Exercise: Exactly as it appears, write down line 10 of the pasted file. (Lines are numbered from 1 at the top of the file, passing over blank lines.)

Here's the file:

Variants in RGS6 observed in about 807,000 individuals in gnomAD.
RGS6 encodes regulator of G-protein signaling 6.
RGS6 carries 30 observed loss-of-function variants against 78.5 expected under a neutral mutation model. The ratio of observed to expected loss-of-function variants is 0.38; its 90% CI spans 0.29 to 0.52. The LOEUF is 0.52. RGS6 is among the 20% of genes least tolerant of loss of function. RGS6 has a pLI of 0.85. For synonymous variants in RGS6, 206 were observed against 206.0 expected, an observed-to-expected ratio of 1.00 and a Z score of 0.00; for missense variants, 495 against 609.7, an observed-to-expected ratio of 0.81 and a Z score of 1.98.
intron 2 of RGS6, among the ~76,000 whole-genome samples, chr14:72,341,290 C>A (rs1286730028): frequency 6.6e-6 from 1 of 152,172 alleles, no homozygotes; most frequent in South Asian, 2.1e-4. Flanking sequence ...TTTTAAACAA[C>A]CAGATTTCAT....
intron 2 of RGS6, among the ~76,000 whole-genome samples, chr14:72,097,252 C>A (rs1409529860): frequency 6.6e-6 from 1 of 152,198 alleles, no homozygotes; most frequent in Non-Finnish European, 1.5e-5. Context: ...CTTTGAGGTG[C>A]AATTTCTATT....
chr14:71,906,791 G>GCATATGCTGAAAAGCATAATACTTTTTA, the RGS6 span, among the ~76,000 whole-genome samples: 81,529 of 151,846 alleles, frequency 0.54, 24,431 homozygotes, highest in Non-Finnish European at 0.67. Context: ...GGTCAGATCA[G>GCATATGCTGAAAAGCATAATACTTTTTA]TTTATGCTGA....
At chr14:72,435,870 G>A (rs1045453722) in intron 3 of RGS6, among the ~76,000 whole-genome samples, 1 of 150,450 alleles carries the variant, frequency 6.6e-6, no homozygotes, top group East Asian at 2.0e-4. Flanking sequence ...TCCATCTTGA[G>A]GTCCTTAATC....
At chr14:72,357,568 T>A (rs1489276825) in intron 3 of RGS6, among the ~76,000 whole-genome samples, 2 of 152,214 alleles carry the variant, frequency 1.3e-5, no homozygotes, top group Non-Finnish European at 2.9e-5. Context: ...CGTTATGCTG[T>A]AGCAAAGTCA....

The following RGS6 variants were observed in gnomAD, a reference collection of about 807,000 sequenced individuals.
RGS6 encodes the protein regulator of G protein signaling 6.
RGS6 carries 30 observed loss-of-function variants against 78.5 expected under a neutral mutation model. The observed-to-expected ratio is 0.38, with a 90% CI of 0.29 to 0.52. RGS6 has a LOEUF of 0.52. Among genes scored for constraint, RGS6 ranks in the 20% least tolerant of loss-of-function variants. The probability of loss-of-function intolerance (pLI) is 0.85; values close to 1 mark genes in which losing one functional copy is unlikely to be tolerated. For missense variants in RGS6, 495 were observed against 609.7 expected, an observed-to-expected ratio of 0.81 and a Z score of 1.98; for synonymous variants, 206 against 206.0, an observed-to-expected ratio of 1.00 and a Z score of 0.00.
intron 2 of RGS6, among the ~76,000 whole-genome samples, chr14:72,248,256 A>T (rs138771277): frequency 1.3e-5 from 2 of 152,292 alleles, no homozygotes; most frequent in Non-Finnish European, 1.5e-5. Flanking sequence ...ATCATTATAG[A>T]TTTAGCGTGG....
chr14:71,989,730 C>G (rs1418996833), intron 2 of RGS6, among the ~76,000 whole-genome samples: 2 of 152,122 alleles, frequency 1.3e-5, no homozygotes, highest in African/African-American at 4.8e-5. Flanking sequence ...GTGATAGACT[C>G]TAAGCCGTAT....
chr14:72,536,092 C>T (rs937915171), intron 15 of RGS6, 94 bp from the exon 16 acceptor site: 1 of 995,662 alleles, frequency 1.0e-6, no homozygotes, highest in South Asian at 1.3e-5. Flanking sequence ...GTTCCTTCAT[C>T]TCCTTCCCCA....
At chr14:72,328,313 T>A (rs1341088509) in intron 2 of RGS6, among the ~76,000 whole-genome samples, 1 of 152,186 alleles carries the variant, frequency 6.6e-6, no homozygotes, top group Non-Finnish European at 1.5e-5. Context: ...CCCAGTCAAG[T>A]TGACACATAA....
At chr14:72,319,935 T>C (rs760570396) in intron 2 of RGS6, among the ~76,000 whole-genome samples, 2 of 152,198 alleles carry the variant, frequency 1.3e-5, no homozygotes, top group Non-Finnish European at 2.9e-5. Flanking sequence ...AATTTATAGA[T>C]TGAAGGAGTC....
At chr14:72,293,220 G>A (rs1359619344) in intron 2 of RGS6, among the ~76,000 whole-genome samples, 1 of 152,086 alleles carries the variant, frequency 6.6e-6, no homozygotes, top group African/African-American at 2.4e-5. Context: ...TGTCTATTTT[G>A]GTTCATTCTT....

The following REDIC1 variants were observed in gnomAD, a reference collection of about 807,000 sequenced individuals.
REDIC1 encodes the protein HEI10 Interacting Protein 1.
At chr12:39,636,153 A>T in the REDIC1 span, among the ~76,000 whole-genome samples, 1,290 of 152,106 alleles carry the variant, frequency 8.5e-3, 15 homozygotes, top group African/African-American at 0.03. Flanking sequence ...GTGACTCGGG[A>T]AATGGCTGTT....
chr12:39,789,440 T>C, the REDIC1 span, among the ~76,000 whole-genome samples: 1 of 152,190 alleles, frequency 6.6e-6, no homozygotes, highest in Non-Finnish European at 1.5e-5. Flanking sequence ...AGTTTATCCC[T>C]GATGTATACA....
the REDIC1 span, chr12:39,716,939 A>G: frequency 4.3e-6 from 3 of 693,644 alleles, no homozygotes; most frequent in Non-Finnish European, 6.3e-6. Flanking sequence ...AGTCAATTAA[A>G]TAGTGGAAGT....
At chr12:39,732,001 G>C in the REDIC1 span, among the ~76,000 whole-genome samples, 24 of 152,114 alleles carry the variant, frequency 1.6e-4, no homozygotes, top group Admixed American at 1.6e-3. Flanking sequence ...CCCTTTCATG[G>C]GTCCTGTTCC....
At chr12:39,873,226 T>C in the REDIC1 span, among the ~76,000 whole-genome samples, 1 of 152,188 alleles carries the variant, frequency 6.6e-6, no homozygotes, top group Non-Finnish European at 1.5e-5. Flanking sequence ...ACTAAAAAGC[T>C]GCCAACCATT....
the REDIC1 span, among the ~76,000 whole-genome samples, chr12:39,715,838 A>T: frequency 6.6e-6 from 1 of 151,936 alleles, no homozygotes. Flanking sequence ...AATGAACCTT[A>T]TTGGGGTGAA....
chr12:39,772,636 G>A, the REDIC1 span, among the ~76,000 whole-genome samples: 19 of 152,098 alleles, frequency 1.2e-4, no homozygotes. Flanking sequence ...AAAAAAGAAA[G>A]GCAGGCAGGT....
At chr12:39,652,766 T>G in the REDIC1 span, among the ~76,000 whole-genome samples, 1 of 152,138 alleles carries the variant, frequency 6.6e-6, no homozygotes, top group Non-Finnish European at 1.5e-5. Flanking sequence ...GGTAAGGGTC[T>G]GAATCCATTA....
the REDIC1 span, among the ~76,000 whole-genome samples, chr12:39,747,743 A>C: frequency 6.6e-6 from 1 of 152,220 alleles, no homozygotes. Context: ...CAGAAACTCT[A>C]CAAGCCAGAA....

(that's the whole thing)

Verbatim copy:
RGS6 encodes the protein regulator of G protein signaling 6.